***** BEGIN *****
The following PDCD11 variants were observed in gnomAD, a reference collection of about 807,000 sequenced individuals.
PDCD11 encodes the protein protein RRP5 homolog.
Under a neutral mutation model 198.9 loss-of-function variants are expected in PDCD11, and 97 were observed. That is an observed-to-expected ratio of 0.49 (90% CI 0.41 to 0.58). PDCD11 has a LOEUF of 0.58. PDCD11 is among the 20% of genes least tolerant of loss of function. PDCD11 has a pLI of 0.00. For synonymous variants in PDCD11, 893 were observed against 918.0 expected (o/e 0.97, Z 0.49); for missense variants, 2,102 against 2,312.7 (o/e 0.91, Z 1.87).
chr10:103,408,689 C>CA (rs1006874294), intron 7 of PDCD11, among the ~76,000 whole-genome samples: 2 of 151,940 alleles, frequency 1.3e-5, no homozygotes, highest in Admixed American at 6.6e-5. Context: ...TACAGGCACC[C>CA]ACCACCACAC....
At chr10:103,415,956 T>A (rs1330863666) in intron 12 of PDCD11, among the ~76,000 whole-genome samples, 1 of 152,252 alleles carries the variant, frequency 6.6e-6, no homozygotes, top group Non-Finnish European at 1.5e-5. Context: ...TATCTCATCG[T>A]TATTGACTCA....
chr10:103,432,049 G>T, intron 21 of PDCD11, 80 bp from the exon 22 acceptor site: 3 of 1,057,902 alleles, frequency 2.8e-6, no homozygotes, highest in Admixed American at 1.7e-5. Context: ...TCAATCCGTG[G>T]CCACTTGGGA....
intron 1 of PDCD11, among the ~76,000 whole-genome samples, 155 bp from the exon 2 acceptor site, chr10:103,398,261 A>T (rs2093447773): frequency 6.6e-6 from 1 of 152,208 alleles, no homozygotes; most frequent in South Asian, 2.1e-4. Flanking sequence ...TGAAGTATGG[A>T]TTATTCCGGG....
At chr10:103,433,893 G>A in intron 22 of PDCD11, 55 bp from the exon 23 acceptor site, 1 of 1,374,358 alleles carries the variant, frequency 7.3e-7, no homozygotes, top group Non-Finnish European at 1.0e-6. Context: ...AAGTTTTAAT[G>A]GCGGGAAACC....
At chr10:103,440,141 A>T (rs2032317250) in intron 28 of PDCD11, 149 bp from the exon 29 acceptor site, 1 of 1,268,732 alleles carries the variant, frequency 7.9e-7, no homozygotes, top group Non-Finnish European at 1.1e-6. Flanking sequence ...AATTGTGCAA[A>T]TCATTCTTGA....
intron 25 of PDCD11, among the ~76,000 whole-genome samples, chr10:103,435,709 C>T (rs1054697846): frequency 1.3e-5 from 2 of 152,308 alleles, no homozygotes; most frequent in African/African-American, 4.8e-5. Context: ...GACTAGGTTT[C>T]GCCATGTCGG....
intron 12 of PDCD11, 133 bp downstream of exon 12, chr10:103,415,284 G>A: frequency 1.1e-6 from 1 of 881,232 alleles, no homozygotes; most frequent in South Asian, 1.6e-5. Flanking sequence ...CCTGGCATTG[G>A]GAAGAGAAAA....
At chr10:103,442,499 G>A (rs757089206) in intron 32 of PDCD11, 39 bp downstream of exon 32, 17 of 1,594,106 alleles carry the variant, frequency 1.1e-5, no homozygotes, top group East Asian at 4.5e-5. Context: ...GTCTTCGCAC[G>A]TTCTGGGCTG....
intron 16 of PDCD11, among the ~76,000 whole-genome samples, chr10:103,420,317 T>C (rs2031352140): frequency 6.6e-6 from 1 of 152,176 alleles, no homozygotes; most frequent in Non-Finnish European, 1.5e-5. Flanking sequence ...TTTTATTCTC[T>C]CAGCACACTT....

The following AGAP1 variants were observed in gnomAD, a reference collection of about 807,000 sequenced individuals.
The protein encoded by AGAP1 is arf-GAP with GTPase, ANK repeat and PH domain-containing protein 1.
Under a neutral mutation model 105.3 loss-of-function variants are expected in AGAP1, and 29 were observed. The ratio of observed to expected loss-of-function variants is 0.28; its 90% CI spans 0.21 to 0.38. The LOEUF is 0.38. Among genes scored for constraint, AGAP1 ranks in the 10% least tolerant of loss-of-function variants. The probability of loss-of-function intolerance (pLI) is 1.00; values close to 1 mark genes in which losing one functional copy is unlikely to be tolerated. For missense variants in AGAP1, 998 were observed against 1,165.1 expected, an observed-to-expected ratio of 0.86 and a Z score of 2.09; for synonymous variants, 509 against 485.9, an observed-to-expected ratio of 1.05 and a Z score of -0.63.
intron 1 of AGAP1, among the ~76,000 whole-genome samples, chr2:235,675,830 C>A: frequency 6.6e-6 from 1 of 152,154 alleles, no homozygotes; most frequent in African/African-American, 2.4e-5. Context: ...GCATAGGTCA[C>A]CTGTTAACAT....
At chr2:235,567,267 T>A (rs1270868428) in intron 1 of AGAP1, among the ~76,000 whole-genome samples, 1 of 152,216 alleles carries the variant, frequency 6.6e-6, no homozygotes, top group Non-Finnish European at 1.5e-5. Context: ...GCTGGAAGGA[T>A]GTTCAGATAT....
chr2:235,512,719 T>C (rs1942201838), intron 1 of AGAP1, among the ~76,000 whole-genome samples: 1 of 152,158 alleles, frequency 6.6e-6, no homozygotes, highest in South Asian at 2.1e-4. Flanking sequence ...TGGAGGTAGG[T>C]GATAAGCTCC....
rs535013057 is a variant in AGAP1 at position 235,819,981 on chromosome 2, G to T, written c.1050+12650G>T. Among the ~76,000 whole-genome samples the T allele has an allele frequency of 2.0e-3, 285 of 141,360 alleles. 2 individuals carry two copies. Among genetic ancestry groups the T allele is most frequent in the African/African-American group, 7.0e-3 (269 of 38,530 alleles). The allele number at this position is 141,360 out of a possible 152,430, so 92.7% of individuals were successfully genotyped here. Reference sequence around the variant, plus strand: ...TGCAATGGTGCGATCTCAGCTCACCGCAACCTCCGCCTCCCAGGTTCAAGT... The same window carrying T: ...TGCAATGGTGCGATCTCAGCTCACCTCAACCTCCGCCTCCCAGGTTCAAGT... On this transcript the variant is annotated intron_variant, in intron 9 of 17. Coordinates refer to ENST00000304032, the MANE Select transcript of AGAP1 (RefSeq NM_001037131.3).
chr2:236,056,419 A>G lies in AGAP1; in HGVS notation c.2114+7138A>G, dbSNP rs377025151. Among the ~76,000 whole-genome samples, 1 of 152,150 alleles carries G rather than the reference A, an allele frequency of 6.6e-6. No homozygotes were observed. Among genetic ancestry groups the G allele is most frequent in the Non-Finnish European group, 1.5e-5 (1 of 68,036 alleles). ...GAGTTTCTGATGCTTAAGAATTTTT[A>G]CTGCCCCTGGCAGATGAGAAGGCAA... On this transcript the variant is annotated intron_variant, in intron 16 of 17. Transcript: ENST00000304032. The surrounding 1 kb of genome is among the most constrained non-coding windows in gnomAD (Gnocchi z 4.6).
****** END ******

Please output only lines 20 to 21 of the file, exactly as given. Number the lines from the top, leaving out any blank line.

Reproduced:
rs535013057 is a variant in AGAP1 at position 235,819,981 on chromosome 2, G to T, written c.1050+12650G>T. Among the ~76,000 whole-genome samples the T allele has an allele frequency of 2.0e-3, 285 of 141,360 alleles. 2 individuals carry two copies. Among genetic ancestry groups the T allele is most frequent in the African/African-American group, 7.0e-3 (269 of 38,530 alleles). The allele number at this position is 141,360 out of a possible 152,430, so 92.7% of individuals were successfully genotyped here. Reference sequence around the variant, plus strand: ...TGCAATGGTGCGATCTCAGCTCACCGCAACCTCCGCCTCCCAGGTTCAAGT... The same window carrying T: ...TGCAATGGTGCGATCTCAGCTCACCTCAACCTCCGCCTCCCAGGTTCAAGT... On this transcript the variant is annotated intron_variant, in intron 9 of 17. Coordinates refer to ENST00000304032, the MANE Select transcript of AGAP1 (RefSeq NM_001037131.3).
chr2:236,056,419 A>G lies in AGAP1; in HGVS notation c.2114+7138A>G, dbSNP rs377025151. Among the ~76,000 whole-genome samples, 1 of 152,150 alleles carries G rather than the reference A, an allele frequency of 6.6e-6. No homozygotes were observed. Among genetic ancestry groups the G allele is most frequent in the Non-Finnish European group, 1.5e-5 (1 of 68,036 alleles). ...GAGTTTCTGATGCTTAAGAATTTTT[A>G]CTGCCCCTGGCAGATGAGAAGGCAA... On this transcript the variant is annotated intron_variant, in intron 16 of 17. Transcript: ENST00000304032. The surrounding 1 kb of genome is among the most constrained non-coding windows in gnomAD (Gnocchi z 4.6).